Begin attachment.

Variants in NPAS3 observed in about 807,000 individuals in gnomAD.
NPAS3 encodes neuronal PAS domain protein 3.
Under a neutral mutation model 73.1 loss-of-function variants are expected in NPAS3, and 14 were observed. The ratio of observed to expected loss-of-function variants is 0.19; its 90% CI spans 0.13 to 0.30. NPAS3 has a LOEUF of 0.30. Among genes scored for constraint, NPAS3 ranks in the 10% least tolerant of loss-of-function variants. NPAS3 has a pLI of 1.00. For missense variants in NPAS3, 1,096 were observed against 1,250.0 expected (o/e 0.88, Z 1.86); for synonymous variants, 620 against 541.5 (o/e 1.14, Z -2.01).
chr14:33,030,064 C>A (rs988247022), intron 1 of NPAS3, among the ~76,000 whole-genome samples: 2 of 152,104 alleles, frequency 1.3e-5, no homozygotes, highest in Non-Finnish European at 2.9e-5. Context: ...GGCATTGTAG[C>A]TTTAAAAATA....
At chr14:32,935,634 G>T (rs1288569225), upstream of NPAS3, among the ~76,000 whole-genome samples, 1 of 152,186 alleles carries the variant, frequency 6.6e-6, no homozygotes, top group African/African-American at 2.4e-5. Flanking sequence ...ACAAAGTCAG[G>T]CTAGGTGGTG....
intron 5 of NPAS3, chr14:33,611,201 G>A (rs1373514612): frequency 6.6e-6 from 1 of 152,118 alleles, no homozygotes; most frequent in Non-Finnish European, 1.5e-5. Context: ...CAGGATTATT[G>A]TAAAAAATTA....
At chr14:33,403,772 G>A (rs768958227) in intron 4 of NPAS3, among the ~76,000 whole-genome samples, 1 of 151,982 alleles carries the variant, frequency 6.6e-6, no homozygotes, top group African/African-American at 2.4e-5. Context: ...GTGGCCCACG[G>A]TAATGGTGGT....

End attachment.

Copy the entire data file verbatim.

Variants in NPAS3 observed in about 807,000 individuals in gnomAD.
NPAS3 encodes neuronal PAS domain protein 3.
Under a neutral mutation model 73.1 loss-of-function variants are expected in NPAS3, and 14 were observed. The ratio of observed to expected loss-of-function variants is 0.19; its 90% CI spans 0.13 to 0.30. NPAS3 has a LOEUF of 0.30. Among genes scored for constraint, NPAS3 ranks in the 10% least tolerant of loss-of-function variants. NPAS3 has a pLI of 1.00. For missense variants in NPAS3, 1,096 were observed against 1,250.0 expected (o/e 0.88, Z 1.86); for synonymous variants, 620 against 541.5 (o/e 1.14, Z -2.01).
chr14:33,030,064 C>A (rs988247022), intron 1 of NPAS3, among the ~76,000 whole-genome samples: 2 of 152,104 alleles, frequency 1.3e-5, no homozygotes, highest in Non-Finnish European at 2.9e-5. Context: ...GGCATTGTAG[C>A]TTTAAAAATA....
At chr14:32,935,634 G>T (rs1288569225), upstream of NPAS3, among the ~76,000 whole-genome samples, 1 of 152,186 alleles carries the variant, frequency 6.6e-6, no homozygotes, top group African/African-American at 2.4e-5. Flanking sequence ...ACAAAGTCAG[G>T]CTAGGTGGTG....
intron 5 of NPAS3, chr14:33,611,201 G>A (rs1373514612): frequency 6.6e-6 from 1 of 152,118 alleles, no homozygotes; most frequent in Non-Finnish European, 1.5e-5. Context: ...CAGGATTATT[G>A]TAAAAAATTA....
At chr14:33,403,772 G>A (rs768958227) in intron 4 of NPAS3, among the ~76,000 whole-genome samples, 1 of 151,982 alleles carries the variant, frequency 6.6e-6, no homozygotes, top group African/African-American at 2.4e-5. Context: ...GTGGCCCACG[G>A]TAATGGTGGT....